Facebook Credits may become the de facto currency of the Internet – judging by the pace the social media giant is growing, with 400 million users and some 500,000 applications, particularly games, in some form of testing.
For now, though, Facebook will be content with the “cross-application currency” providing a lucrative stream of income. It has decided that its cut will be 30 percent of revenue from game and applications developers who integrate Facebook Credits into their programs.
The virtual currency is picking up steam on the second-most visited website in the U.S., based on 133.62 million visitors registered last month. Facebook recently added PayPal as an option for users to convert real money into Facebook Credits for gaming apps and to buy virtual goods from the Facebook Gift Shop.
Facebook users can buy the virtual credits with major credit cards or through purchases on their mobile phones using the mobile-payment company Zong. Facebook advertisers can now use PayPal to pay for ads directly or by way of Facebook Credits.
“By providing a single, cross-application currency, our goal is to making transactions simpler for users, leading to a higher conversion rate for developers,” wrote Facebook product marketer Deborah Liu on the Facebook developers’ blog this week. “Specifically, our early testing has shown that users paying with Facebook Credits are significantly more likely to complete a purchase than the average Facebook user.”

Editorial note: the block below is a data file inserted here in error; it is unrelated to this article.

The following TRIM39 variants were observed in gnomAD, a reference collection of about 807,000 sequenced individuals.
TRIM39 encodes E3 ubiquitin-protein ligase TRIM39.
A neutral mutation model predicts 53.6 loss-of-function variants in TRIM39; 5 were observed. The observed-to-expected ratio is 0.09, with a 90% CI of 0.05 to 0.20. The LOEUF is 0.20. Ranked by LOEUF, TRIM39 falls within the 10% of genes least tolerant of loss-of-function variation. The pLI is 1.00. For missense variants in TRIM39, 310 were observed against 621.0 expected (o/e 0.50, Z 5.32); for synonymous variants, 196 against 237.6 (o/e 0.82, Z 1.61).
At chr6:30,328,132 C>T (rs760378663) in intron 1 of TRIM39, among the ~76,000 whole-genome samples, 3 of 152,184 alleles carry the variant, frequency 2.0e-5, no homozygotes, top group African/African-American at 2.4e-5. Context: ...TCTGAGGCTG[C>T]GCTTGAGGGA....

The 30 percent cut is reportedly the same percentage Apple takes from developers of apps and games that charge users on iPod devices and iPhones.
Over the past several months, Facebook has brought on several prominent developers, including Crowdstar, Playdom, Playfish, RockYou, 6waves, and Zynga, into the Facebook Credits program, Liu said.
Many Facebook Credits integrations are in early stages, but the concept is starting to take shape and it is looking promising to Facebook administrators. Liu said the social media company is planning to bring on more developers over the next several months as part of the beta phase of testing.
“These announcements and the continuation of our testing are part of our long-term commitment to you to build Facebook Credits into a product that is widely adopted by users and seamless to implement for developers,” Liu said in her blog. “To accomplish these goals, Facebook will collect 30 percent of currency spent by users.”